Value stocks have historically outperformed growth stocks, or companies with high earnings expectations, in almost every market over the long-haul. For instance, the MSCI USA Value Index has outperformed the MSCI USA Growth Index by an annualized 81 basis points since 1974 through September 2015.
Value stocks usually trade at lower prices relative to fundamental measures of value, like earnings and the book value of assets. On the other hand, growth-oriented stocks tend to run at higher valuations since investors expect the rapid growth in those company measures, but more are growing wary of high valuations, especially as the U.S. equities market moves toward the ninth year of an extended bull run.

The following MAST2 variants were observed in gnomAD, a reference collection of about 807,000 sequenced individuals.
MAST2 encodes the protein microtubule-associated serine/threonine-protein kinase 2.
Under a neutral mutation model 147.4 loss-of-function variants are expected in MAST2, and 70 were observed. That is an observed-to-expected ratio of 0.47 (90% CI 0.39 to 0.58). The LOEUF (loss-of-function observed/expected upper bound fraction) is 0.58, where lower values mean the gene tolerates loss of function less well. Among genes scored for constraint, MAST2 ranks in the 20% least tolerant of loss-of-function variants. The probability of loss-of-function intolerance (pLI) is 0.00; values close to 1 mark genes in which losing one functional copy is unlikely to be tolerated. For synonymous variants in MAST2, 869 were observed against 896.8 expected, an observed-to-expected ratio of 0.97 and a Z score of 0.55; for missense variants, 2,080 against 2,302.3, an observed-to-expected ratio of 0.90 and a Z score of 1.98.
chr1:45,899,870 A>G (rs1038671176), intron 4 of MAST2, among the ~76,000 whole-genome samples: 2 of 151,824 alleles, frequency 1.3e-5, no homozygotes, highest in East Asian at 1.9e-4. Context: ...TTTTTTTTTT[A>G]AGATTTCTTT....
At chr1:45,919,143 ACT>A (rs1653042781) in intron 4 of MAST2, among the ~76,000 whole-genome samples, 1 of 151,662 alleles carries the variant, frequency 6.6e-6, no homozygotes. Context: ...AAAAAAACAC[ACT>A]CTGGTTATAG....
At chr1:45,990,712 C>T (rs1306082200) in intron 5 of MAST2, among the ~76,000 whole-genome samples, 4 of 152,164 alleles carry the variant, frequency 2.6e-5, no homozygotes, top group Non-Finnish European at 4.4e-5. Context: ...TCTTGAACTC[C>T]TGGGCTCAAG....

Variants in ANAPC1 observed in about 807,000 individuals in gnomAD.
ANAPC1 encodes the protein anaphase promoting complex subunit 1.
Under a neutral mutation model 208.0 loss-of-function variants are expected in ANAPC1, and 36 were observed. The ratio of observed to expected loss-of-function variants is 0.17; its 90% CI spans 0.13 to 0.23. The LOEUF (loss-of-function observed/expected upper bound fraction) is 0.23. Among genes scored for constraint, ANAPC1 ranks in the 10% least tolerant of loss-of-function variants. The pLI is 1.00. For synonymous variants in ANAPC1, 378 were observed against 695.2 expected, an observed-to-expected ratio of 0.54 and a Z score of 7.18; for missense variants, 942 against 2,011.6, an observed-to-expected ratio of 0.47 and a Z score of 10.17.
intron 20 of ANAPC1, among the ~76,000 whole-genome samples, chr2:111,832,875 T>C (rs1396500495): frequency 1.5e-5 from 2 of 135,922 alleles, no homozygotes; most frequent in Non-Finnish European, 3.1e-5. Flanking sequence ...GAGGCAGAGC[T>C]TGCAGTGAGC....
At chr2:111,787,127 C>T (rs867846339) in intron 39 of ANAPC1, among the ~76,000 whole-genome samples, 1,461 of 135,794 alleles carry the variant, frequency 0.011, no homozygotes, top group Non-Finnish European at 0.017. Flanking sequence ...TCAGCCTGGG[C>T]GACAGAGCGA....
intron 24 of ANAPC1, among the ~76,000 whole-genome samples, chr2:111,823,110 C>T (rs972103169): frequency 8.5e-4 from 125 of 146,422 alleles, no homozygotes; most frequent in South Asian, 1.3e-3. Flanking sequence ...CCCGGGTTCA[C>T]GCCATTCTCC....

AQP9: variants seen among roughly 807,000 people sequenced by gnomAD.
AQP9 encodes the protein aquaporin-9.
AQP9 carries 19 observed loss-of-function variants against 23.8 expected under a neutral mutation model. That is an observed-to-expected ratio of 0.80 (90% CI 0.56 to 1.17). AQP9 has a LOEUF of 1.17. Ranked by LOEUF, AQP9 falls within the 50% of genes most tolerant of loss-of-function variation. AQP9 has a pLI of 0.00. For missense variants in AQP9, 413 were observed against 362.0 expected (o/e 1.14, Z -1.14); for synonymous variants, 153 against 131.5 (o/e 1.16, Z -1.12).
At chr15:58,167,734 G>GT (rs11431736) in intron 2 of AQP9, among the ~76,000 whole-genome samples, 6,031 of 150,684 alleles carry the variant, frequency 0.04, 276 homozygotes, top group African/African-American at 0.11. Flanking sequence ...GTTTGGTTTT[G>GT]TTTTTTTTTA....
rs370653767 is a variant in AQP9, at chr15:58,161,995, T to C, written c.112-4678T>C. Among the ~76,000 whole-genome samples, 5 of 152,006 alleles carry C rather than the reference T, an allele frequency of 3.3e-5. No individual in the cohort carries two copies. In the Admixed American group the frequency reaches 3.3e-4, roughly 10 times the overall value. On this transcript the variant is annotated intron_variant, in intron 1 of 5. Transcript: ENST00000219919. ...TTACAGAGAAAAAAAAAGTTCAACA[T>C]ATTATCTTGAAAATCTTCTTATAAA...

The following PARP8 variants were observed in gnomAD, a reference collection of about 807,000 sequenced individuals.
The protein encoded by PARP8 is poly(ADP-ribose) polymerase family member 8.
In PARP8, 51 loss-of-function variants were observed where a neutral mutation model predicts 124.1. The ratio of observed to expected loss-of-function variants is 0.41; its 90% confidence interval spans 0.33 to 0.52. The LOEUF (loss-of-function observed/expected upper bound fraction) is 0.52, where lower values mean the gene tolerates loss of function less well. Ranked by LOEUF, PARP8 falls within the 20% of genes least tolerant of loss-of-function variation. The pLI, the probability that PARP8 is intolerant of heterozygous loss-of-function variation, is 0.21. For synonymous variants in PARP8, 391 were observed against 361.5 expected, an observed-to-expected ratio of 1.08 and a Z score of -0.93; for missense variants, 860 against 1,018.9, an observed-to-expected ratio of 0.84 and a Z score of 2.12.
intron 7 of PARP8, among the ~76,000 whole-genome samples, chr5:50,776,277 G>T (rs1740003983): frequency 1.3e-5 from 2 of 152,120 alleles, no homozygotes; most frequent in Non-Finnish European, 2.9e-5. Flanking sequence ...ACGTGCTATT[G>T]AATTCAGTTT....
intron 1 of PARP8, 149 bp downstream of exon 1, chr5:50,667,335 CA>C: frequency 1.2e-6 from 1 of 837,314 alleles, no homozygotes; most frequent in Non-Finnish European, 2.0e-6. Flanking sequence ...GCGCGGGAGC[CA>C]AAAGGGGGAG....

FVAL’s top 10 holdings combine for 22.7% of the ETF’s weight and the ETF sports a price-to-earnings ratio of 16.3, according to issuer data, putting it below the S&P 500 on that metric. The annual fee on FVAL is 0.29%, or $29 on a $10,000 investment, which is reasonable among smart beta strategies.
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Tom Lydon’s clients own shares of Apple, Alphabet and Microsoft.